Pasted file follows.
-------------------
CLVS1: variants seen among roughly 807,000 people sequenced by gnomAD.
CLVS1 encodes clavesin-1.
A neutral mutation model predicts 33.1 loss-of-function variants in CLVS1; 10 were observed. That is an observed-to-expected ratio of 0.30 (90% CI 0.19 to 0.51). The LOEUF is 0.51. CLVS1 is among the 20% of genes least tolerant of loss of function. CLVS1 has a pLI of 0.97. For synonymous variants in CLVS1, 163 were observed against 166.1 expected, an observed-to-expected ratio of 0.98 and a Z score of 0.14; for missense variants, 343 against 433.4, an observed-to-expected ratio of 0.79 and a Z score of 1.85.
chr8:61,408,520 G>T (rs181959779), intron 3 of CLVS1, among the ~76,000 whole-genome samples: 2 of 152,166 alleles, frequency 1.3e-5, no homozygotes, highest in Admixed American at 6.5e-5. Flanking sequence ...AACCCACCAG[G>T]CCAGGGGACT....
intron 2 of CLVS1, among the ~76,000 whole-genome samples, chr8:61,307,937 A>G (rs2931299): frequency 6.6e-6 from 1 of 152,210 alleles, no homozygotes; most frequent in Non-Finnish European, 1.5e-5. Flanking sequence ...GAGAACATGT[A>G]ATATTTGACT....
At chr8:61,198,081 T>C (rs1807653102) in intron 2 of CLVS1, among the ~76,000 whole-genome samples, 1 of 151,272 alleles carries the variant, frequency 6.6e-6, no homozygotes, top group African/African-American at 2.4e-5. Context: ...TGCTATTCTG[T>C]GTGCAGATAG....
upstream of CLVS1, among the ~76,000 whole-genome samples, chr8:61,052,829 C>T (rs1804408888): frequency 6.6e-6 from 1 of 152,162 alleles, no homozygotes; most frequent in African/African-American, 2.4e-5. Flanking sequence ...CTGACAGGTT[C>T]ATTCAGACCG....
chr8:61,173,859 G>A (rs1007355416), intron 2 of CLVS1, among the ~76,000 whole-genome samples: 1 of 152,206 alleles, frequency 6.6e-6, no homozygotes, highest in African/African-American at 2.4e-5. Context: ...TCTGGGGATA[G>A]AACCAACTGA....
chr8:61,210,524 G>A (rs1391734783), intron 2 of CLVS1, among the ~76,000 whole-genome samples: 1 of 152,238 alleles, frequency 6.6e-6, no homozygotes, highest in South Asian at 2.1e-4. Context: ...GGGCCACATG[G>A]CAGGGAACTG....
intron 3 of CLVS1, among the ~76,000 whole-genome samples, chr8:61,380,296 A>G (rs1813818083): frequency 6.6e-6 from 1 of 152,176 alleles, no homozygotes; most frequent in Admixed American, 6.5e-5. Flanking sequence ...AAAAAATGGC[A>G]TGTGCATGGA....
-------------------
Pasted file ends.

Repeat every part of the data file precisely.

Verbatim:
CLVS1: variants seen among roughly 807,000 people sequenced by gnomAD.
CLVS1 encodes clavesin-1.
A neutral mutation model predicts 33.1 loss-of-function variants in CLVS1; 10 were observed. That is an observed-to-expected ratio of 0.30 (90% CI 0.19 to 0.51). The LOEUF is 0.51. CLVS1 is among the 20% of genes least tolerant of loss of function. CLVS1 has a pLI of 0.97. For synonymous variants in CLVS1, 163 were observed against 166.1 expected, an observed-to-expected ratio of 0.98 and a Z score of 0.14; for missense variants, 343 against 433.4, an observed-to-expected ratio of 0.79 and a Z score of 1.85.
chr8:61,408,520 G>T (rs181959779), intron 3 of CLVS1, among the ~76,000 whole-genome samples: 2 of 152,166 alleles, frequency 1.3e-5, no homozygotes, highest in Admixed American at 6.5e-5. Flanking sequence ...AACCCACCAG[G>T]CCAGGGGACT....
intron 2 of CLVS1, among the ~76,000 whole-genome samples, chr8:61,307,937 A>G (rs2931299): frequency 6.6e-6 from 1 of 152,210 alleles, no homozygotes; most frequent in Non-Finnish European, 1.5e-5. Flanking sequence ...GAGAACATGT[A>G]ATATTTGACT....
At chr8:61,198,081 T>C (rs1807653102) in intron 2 of CLVS1, among the ~76,000 whole-genome samples, 1 of 151,272 alleles carries the variant, frequency 6.6e-6, no homozygotes, top group African/African-American at 2.4e-5. Context: ...TGCTATTCTG[T>C]GTGCAGATAG....
upstream of CLVS1, among the ~76,000 whole-genome samples, chr8:61,052,829 C>T (rs1804408888): frequency 6.6e-6 from 1 of 152,162 alleles, no homozygotes; most frequent in African/African-American, 2.4e-5. Flanking sequence ...CTGACAGGTT[C>T]ATTCAGACCG....
chr8:61,173,859 G>A (rs1007355416), intron 2 of CLVS1, among the ~76,000 whole-genome samples: 1 of 152,206 alleles, frequency 6.6e-6, no homozygotes, highest in African/African-American at 2.4e-5. Context: ...TCTGGGGATA[G>A]AACCAACTGA....
chr8:61,210,524 G>A (rs1391734783), intron 2 of CLVS1, among the ~76,000 whole-genome samples: 1 of 152,238 alleles, frequency 6.6e-6, no homozygotes, highest in South Asian at 2.1e-4. Context: ...GGGCCACATG[G>A]CAGGGAACTG....
intron 3 of CLVS1, among the ~76,000 whole-genome samples, chr8:61,380,296 A>G (rs1813818083): frequency 6.6e-6 from 1 of 152,176 alleles, no homozygotes; most frequent in Admixed American, 6.5e-5. Flanking sequence ...AAAAAATGGC[A>G]TGTGCATGGA....